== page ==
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It's Not Just about Consent

Posted by kjmaschke on 29 Jun 2010 at 13:51 GMT

As the Editors note, it’s likely that many readers will object to their decision to publish 23andMe’s report of a genome-wide association study. My concerns have more to do with what appears to be troubling misconceptions and knowledge gaps on the part of the Editors and the 23andMe authors about the three issues that delayed publication of the study: ethical review, consent, and data access. A random review of IRB policies available on their institutions’ website suggests that some IRBs would have determined that the collection and storage of saliva to store in a biorepository for a specific study and for future research does constitute human subjects research as defined by 45 CFR 46 because at the stage of biospecimen collection, 23andMe was interacting with identifiable individuals through a communication portal. Although others may have different experiences, in my experience as an IRB member the prospective collection of biospecimens from identifiable individuals requires IRB approval of the research study and participant-related documents such as a consent form. Even when IRBs determine that a study does not require IRB approval because in the IRBs view it does not meet the regulatory definition of human subjects research, many IRBs will review and approve the consent form to avoid the problems that the Editors identified in 23andMe’s document, e.g., technical jargon and ambiguity about participants’ understanding regarding disclosure of their genomic data.

The Editors and authors also seem to be unaware that researchers – including genetics researchers – IRBs, patient advocates and research ethics scholars have deliberated with each other in many settings to develop informed consent templates and standardized policies and procedures for genetic research studies, including GWAS research. For instance, based on workshops with all of these stakeholders, the NCI developed the Best Practices for Biospecimen Resources (2007) that offers clear guidance on the three issues of concern to the Editors. Moreover, The Cancer Genome Atlas (TCGA) program at the NIH has developed a clear, readable consent document that is a model for other institutions (disclosure: this writer is an IRB member and was a participant at the NCI best practices workshop and at the NHGRI’s TCGA workshop on data sharing). And in 2007, the NIH published a Points to Consider document for IRBs and institutions regarding GWAS research and data that addresses the three issues of concern. In a footnote in that document, the NIH states that NIH, as a “policy matter, will not accept data into the GWAS repository without the appropriate certifications from the institution and verification by an IRB and/or Privacy Board that the submission criteria stipulated in the policy have been met.”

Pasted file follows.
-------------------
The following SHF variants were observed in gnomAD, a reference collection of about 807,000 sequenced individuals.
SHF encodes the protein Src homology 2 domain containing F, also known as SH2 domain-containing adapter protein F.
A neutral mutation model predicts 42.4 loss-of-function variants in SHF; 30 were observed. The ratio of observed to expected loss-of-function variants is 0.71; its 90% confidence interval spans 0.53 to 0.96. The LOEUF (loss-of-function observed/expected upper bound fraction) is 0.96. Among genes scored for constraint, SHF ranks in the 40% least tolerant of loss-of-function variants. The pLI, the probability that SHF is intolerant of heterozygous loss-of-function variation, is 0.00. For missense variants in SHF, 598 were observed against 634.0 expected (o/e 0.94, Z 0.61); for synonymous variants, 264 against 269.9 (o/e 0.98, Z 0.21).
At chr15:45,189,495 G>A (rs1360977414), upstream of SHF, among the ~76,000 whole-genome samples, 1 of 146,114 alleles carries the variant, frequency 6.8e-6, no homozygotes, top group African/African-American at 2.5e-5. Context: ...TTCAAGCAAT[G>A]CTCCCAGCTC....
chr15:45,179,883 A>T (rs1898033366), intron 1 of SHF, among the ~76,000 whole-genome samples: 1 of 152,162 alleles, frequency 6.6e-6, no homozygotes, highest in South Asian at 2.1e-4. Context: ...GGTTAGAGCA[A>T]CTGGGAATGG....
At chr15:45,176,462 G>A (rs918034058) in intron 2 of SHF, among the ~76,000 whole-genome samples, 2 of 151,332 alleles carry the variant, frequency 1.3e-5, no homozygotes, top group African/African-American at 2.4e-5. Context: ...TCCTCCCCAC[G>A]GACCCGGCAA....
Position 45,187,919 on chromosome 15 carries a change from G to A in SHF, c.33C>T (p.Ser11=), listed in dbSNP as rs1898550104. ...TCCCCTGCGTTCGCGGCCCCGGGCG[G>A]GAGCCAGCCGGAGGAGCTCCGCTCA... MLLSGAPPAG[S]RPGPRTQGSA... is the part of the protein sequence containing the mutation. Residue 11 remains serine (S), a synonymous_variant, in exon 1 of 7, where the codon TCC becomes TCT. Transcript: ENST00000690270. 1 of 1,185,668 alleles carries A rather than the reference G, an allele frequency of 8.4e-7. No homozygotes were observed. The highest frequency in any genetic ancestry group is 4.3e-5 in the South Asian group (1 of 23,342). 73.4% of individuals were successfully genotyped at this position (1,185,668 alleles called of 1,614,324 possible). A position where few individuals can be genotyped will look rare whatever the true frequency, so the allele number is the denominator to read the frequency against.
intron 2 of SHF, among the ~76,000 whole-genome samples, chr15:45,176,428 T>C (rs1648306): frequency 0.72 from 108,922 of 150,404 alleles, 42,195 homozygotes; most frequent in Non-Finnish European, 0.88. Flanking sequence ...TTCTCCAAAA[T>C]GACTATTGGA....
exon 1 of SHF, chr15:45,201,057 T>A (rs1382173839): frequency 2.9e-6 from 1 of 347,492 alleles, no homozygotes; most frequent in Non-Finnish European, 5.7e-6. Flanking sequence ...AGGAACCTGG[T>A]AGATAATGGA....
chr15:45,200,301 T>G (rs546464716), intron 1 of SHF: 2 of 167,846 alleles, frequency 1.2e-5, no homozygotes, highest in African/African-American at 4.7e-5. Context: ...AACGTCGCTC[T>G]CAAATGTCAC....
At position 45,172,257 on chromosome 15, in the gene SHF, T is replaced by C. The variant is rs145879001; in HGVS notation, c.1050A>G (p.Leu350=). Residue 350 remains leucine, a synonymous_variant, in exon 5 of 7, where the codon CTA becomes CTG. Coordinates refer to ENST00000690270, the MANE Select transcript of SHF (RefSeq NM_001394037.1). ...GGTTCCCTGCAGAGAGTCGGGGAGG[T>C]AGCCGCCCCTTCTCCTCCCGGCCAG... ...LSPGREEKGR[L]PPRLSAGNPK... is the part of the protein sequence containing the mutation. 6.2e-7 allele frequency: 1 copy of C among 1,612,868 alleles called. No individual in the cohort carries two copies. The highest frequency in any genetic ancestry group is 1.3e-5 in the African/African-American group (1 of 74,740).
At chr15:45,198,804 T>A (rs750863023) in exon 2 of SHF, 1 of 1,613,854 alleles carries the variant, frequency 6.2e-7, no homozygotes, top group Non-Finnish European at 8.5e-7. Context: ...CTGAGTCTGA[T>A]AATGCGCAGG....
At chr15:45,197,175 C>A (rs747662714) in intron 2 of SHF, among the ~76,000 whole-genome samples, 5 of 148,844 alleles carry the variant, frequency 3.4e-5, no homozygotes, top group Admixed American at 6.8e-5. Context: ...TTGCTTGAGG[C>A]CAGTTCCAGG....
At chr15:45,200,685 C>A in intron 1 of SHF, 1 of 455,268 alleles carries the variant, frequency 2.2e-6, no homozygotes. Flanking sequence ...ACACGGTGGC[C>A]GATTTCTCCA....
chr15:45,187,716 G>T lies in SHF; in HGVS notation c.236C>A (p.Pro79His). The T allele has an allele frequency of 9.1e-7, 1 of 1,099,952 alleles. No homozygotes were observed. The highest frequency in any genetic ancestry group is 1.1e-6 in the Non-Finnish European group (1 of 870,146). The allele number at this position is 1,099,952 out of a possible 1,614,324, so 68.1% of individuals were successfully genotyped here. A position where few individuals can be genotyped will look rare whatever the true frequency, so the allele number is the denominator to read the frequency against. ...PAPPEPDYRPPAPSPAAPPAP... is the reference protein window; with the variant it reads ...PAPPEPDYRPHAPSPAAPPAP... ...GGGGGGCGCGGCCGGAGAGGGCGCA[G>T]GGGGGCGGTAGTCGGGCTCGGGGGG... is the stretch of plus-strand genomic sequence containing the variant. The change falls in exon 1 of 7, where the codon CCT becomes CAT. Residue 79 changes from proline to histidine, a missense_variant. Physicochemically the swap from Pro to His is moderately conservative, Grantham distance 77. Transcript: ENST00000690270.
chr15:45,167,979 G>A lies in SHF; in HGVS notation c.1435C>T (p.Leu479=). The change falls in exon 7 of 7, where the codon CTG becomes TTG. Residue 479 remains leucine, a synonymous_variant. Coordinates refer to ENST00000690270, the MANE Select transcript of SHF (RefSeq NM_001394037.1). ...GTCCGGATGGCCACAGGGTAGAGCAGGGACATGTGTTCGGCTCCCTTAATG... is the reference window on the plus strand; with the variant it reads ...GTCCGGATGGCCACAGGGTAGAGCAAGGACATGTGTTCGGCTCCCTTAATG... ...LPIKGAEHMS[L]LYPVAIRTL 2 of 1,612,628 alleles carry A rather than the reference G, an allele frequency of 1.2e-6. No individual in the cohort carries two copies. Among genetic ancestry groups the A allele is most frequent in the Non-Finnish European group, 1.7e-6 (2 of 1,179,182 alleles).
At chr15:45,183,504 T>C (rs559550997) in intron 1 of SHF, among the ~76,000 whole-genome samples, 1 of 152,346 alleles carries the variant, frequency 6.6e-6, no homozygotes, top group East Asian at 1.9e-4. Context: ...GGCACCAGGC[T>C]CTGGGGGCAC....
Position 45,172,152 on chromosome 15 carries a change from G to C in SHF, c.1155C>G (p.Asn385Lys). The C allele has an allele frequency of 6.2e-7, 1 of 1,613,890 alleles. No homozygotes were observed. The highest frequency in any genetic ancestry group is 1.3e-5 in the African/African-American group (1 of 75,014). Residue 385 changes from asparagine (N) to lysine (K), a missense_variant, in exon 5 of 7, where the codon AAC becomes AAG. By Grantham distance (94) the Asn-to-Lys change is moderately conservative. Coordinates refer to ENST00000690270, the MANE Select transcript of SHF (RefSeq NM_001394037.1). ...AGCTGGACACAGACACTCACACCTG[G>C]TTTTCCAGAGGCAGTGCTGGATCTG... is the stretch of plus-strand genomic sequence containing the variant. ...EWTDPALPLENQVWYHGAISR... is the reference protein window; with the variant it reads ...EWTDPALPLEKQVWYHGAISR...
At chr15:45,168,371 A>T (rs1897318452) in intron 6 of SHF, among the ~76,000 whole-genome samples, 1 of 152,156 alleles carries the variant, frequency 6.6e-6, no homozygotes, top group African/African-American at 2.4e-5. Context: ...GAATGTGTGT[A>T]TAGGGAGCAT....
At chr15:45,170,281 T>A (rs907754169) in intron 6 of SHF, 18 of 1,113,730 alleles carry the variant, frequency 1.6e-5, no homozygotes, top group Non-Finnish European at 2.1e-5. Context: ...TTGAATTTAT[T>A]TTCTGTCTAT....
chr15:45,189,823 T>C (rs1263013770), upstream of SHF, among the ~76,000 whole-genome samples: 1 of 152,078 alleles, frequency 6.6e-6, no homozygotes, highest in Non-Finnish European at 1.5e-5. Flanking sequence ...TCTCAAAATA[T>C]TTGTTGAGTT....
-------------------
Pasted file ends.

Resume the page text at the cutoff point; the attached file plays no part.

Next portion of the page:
The NIH GWAS policy requiring IRB review – and the policies of IRBs that may differ from that of Independent Review Consulting, Inc. – reflects an enduring tension legal standards and values-based standards. The guidance statement from the Office for Human Research Protections (OHRP) is a nod to institutions and IRBs that when certain conditions are met, some research can go forward without IRB review and approval, and in those circumstance OHRP will not rule that the institutions are in noncompliance with 45 CFR 46. Yet, OHRP’s guidance is legal interpretation of a regulation – it is not a statement about whether it is ethical for research with biospecimens to go forward without an IRB approving the collection and storage of the biospecimens or reviewing and approving the consent form. The enduring tension between law and ethics may never be resolved, but to simply call for standardized process and procedures for consent misses the point about what constitutes a ethical framework for genetic research, which will necessarily include attention to a broader set of issues: ethics review and approval of the collection, storage, and use of biospecimens; conflicts of interest on the part of researchers, sponsors, and institutions; and on-going ethics governance of biorepositories, including policies for access to genetic data.

Karen J. Maschke, PhD
Research Scholar
Editor, IRB: Ethics & Human Research
The Hastings Center

Competing interests declared: Participant: NCI workshop on best practices for biospecimen repositories; TCGA workshop; NCI caHUB ethics subgroup.